Electric vehicles

The move to electrified transport is one of the biggest opportunities facing those working in automotive air-conditioning. Battery and driveline thermal management systems increasingly rely on refrigeration circuits, while heat pumps are providing energy-efficient cabin comfort during the colder months.

Autonomous driving tech also needs a lot of cooling to keep the powerful computers operational and guess what? Refrigerant circuits to the rescue again.

It all means that if the air-conditioning in an EV develops a fault, it impacts almost all onboard systems. Worst case, the vehicle just stops working.

Suddenly, an auto-AC technician is the most sought-after tradesperson and those with top-notch diagnostic skills plus knowledge at the cutting edge of technology are in high demand all year round.

In other words, this development will eliminate seasonality from the auto-AC business for good.

To work on electrified vehicle thermal management systems, an understanding of electric compressor design, three-phase motor operation, and electronic compressor control is required.

High-voltage systems used in hybrid, electric and hydrogen fuel cell drivetrains necessitate specific PPE, tools and procedures and that’s before you tackle heat pump systems with their unique designs, components and modes of operation.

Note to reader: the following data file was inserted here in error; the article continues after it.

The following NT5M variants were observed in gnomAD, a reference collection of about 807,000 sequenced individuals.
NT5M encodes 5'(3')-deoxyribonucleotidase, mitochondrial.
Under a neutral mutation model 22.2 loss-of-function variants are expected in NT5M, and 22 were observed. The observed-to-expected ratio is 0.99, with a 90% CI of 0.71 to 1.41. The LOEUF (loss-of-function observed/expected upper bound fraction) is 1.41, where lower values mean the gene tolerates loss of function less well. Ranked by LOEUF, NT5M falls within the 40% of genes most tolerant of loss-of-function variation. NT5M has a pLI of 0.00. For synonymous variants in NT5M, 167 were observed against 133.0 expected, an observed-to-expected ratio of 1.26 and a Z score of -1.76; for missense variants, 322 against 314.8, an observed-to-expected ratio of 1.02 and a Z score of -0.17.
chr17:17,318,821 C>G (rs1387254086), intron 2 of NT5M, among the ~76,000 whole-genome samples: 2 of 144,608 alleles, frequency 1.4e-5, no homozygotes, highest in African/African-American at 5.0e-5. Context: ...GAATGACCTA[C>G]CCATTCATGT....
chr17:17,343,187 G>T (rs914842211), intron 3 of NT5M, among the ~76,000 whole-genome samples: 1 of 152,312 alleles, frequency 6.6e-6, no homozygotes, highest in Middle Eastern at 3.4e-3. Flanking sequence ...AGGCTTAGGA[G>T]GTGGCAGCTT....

Several refrigerants are under review for electric vehicle thermal management as R134a is phased down and R1234yf faces an uncertain future owing to concerns over PFAS regulation proposals that could cause it to be banned in Europe.

That’s right, just as this momentum starts to build in the changeover from R134a to R1234yf, HFO refrigerants including R1234yf and some HFCs are potentially on the chopping block in Europe, the United States and elsewhere over concerns that they are per- and poly-fluoroalkyl substances (PFAS) that do not easily break down and start to accumulate in the environment and living organisms, then make their way up the food chain in potentially high concentrations.

R1234yf is also not that efficient in automotive heat pump applications, which reduces EV battery range in cold weather and compounds the effect low temperatures already have on battery performance.

Alternatives that provide improved performance and efficiency will be vital for electrification in the long term.